The first thing that greets you when you switch on the speaker is the sound of a didgeridoo. Cute! Voice prompts let you know what’s happening. The pairing was straightforward. I paired the BlueAnt X2 with two different phones and in both cases, the connection was swift and sure. The connection used the SBC codec even though AAC, aptX, aptX HD and LDAC are available on my phones. Does that matter for a small Bluetooth speaker? I doubt it.
There are four LEDs on the back to indicate charge status. The unit takes a couple of hours two charge up – a charger is not included – and has a rated run time of up to twelve hours. It auto-powers off after ten minutes of no signal.
I did most of my listening via Bluetooth, but I also plugged a Chromecast Audio into the analogue input. It worked well. The analogue input takes priority over Bluetooth. The BlueAnt X2 switches over when the plug is inserted, regardless of whether there’s any actual signal. To roughly match the Bluetooth playback level you should advance the volume of a device such as the Chromecast Audio to 100%.
I initially listened to this speaker with it sitting on the desk beside me. It sits naturally with the speakers firing up at around 45 degrees from the horizontal. It’s frequently pictured as standing on one end, but I’d recommend against that. Why? Because it changes the operation of one of the passive radiators. And, indeed, the remaining exposed one. The BlueAnt X2 sounds good with both open to air. On its end, the grinding bass in songs like “Entre Nous” by Rush loses its bite and power.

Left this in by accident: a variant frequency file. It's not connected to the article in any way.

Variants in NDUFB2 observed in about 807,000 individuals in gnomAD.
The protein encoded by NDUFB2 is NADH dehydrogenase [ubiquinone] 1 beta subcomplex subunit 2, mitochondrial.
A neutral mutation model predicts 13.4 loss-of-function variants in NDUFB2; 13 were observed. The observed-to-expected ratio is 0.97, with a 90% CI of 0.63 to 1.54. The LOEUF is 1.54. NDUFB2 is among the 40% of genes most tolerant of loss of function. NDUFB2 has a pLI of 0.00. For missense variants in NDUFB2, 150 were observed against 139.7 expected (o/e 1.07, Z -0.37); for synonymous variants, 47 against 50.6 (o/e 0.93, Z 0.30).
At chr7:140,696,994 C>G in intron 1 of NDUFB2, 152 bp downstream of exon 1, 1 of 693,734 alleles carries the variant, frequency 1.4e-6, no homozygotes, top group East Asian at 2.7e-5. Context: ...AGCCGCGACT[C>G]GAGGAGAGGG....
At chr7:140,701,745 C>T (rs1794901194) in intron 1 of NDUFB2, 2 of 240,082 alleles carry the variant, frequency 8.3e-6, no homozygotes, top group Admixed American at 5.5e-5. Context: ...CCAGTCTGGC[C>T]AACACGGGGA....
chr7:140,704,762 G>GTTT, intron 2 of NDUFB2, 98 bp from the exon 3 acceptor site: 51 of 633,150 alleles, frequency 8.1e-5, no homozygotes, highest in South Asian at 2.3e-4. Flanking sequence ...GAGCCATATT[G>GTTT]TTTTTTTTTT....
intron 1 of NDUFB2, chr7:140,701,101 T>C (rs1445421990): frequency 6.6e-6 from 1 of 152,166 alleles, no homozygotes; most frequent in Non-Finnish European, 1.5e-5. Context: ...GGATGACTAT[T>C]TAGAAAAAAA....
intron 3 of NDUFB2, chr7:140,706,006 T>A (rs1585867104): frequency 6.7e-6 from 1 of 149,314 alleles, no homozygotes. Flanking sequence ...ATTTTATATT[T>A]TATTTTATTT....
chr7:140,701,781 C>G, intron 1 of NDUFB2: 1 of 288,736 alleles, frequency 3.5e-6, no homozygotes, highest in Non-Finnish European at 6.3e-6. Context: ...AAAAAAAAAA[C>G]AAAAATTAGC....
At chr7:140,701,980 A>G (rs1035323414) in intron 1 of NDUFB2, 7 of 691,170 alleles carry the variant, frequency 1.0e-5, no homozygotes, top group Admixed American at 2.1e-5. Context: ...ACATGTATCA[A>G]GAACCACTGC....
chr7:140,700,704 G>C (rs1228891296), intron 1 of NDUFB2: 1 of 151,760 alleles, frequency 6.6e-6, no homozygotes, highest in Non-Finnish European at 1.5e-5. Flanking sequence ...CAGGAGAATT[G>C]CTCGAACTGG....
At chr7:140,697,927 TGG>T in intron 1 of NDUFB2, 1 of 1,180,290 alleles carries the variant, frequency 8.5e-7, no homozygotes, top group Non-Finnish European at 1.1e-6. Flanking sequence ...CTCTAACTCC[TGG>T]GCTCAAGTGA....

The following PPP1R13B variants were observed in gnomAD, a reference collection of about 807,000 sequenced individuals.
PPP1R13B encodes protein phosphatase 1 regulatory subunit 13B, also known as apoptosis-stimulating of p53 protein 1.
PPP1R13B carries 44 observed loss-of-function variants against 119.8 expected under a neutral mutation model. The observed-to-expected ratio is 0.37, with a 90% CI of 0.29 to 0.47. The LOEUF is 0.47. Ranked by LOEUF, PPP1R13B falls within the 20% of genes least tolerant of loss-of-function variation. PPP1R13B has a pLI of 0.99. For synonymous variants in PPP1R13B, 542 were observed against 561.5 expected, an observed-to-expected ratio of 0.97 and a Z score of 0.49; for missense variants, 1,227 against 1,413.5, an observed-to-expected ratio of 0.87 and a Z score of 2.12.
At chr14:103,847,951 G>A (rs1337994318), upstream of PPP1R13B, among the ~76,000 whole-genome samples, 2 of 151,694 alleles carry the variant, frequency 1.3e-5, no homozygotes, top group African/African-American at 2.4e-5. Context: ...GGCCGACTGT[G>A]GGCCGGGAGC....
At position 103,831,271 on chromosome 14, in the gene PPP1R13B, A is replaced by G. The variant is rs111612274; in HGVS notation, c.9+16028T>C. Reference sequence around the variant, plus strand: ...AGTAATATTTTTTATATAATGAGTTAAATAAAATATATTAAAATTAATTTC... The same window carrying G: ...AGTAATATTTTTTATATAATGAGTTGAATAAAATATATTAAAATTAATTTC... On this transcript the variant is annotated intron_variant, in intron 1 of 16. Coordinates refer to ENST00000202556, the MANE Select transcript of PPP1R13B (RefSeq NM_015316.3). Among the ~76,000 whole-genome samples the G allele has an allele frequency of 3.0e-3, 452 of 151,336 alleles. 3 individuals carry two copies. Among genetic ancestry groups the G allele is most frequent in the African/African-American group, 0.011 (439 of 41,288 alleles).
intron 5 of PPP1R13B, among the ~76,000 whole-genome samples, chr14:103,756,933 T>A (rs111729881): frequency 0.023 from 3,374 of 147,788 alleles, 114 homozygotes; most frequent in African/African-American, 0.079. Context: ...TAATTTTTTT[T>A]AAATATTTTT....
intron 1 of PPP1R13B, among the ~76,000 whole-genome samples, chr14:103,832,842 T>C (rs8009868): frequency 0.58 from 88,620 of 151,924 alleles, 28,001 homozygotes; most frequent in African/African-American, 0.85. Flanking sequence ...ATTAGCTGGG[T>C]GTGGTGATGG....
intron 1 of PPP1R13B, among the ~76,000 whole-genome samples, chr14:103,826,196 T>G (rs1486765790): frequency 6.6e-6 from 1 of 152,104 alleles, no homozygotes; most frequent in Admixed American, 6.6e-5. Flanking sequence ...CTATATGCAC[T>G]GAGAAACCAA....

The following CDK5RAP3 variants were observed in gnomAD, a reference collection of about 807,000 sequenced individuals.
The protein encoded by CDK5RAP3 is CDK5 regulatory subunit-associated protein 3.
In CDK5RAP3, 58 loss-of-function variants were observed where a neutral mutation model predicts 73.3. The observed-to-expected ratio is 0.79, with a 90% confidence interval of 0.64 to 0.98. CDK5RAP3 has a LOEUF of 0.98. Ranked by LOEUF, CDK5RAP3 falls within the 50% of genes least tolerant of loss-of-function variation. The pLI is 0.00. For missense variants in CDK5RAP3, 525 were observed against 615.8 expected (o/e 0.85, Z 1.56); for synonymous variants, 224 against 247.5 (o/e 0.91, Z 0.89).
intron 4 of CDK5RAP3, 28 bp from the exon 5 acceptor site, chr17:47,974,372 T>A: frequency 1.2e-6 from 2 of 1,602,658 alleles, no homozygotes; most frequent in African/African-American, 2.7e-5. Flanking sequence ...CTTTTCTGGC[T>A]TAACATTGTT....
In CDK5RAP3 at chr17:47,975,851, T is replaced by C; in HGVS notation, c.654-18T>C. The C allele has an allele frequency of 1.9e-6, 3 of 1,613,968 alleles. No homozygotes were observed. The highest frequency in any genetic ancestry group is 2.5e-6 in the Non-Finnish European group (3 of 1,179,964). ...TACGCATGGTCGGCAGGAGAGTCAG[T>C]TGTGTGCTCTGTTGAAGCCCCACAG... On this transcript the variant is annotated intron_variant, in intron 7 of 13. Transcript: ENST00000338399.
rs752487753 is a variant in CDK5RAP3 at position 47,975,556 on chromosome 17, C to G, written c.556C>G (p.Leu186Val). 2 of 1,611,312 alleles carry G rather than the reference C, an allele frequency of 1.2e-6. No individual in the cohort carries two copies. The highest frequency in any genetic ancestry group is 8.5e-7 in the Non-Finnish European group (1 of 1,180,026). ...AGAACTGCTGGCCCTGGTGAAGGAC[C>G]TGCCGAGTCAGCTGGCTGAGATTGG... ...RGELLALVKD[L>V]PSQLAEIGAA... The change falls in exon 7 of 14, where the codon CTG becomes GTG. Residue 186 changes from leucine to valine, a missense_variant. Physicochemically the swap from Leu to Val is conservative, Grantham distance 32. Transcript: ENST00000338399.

In fact, Rush sounded remarkably good. The sound was clean at most volume levels. Even at maximum volume it was listenable. About 50cm from my ears, it was producing up to a bit over 90dB SPL (C-weighted) with music. Halfway across the room – say 2.5 metres away – the sound remained clean and with good bite. The same music was averaging around 70dB SPL. Not head-banger stuff, but respectable and easy to hear.
Importantly, the drums came through seemingly without any dynamic compression.
Leaving the speaker at that greater range, I played Nina Simone’s 1958 album Little Girl Blue. Her piano sounded remarkably realistic and the double bass was reproduced at an engaging level. I have to pause for a moment to note that this is ridiculous coming from such a small speaker. But it works.
There was also a certain unexpected airiness in the sound that resulted in a more natural feel to the music.
I measured the bass output of the BlueAnt X2 speaker. It was strong down to an impressively low 60 hertz. Ignore the upper part of the frequency response graph you can see hereabouts. I was interested in the bass performance, so I placed my Behringer measurement microphone up close to one of the passive radiators. As you can see, the output falls away below 50 hertz quite sharply. Sharper, in fact, than would be natural for a speaker design of this nature. The output is down by 18dB – inaudible, in other words – at 50 hertz. I’d say BlueAnt has put a filter in place to kill the deeper bass. That’s a wise move, since it allows the speaker to perform better in that 60+ hertz band.
The BlueAnt X2 Bluetooth speaker is a remarkably good speaker, producing sound which belies its compact size. It is musical and engaging and works without any drama. I’m impressed.
There isn’t an official price for the BlueAnt X2 speaker on the company’s website. The purchase links there take one to Officeworks ($96.92 as I write) and Telstra (black model only, $119.88). I’d be visiting Officeworks, I think.